Key Question: Do customers actually get value from this solution?

  • Doesn’t necessary have to be created, can be done manually.
  • When picking an idea, evaluate if your idea can be delivered manually.
  • Try to not make it free (do whatever possible to have it be something people pay)
  • Might not be possible if the prototype is very basic
  • Get into the hands of 10–20 beta users so that we can watch them using it.

Step 5: Get money from customers who are paying it (50% validated)

Key Question: Are customers willing to pay for your product?

  • This is the “real” validation. All steps before this have been de-risking to get to this point.
  • A large portion of people who are using it for free, won’t convert.

Step 6: Sustained value (60% validated)

Key Question: Is there sustained value in your product?

  • Are those first customers willing to stick around?
  • Will the paying customers continue finding value in month 2 and 3 and from there on.
  • Is churn/cancellation going to be an issue?
  • If the product provides value in terms of saving people time or money on an on-going basis, people will want to come back to it.

Step 6: Test repeatable customer acquisition channel (70–80% validated)

Key Question: Is there a predictable revenue stream?

  • Can you acquire customers in a more repeatable way?
  • It’s one thing to hack and claw your way to the first few customers, but you can’t do that forever.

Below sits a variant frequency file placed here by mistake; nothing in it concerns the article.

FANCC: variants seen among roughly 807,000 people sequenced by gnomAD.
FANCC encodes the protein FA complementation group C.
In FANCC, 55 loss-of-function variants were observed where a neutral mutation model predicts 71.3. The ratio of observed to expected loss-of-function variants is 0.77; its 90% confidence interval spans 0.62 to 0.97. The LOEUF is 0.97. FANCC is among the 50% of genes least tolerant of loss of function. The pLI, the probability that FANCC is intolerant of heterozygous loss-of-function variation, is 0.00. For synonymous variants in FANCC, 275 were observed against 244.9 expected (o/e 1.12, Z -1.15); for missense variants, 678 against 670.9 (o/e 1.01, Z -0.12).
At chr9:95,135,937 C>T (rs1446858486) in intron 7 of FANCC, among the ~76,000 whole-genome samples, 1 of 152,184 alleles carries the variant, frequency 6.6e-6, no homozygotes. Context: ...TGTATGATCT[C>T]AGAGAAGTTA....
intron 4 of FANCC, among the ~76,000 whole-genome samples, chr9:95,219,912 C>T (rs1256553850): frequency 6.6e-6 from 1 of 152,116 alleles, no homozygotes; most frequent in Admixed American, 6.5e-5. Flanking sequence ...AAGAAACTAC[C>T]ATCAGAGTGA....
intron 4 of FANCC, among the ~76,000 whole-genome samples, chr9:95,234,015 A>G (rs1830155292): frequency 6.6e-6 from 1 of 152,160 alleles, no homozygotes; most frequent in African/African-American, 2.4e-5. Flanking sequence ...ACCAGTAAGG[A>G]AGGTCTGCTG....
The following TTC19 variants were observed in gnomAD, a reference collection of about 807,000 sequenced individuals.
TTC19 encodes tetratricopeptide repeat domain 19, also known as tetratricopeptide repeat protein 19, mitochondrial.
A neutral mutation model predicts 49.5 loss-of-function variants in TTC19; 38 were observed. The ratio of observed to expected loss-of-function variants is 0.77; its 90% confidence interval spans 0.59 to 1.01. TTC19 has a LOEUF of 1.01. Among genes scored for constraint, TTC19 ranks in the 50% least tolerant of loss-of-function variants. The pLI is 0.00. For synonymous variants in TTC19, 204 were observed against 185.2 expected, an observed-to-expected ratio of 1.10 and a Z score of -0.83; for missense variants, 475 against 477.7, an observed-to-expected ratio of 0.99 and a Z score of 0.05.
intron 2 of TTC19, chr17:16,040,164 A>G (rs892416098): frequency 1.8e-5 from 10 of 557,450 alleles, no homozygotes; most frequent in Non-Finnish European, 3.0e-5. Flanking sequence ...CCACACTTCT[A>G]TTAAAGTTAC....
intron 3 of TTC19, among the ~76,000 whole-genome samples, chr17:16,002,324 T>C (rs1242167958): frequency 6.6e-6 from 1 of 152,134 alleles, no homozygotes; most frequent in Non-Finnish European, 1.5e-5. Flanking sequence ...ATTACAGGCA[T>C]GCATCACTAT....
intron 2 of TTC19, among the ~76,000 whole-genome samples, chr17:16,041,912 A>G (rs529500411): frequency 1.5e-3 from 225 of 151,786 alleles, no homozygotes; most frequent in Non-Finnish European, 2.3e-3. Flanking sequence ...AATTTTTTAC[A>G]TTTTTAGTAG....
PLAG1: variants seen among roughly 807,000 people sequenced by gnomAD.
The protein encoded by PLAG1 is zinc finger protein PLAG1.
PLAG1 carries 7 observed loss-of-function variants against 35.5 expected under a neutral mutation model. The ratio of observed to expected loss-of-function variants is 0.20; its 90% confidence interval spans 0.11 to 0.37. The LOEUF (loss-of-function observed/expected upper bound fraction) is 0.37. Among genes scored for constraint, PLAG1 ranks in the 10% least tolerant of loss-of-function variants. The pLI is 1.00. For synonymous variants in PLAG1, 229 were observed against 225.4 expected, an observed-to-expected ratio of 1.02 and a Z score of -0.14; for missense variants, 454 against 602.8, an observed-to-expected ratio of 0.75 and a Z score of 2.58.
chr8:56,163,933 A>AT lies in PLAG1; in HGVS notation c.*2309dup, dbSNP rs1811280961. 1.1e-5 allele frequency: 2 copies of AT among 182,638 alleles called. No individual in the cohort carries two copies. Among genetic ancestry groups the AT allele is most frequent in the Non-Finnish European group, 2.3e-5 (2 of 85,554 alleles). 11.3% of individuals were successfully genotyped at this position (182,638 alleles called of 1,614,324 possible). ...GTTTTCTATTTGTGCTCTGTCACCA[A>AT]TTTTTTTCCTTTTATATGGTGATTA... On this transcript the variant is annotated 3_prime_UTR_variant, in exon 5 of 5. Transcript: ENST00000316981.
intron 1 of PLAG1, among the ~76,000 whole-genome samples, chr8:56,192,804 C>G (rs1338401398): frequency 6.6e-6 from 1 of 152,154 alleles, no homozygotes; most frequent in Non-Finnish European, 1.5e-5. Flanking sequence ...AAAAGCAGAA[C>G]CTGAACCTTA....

• Paid marketing, content marketing, distribution channels.
  • Until you get to the customer acquisition step, you could very well be bootstrapped and self-funded.

Step 7: Funnel Optimization (100% validated)

Key Question: What needs to be done next to scale?

  • How to get people from being strangers to get into the product, deliver value and have them pay you for it.
  • You have found a marketing channels that actually work and you can now grow.
  • You can now decide if you want external capital to fuel that growth.
  • If you are this far along, are you still in the validation process? Yes, because you are now deciding what you need to do to scale and whether if you are even the right person for it.

Okay, that was easy :-).

In summary:

  • The single most important thing is to get people on the phone.

Let’s make some beer.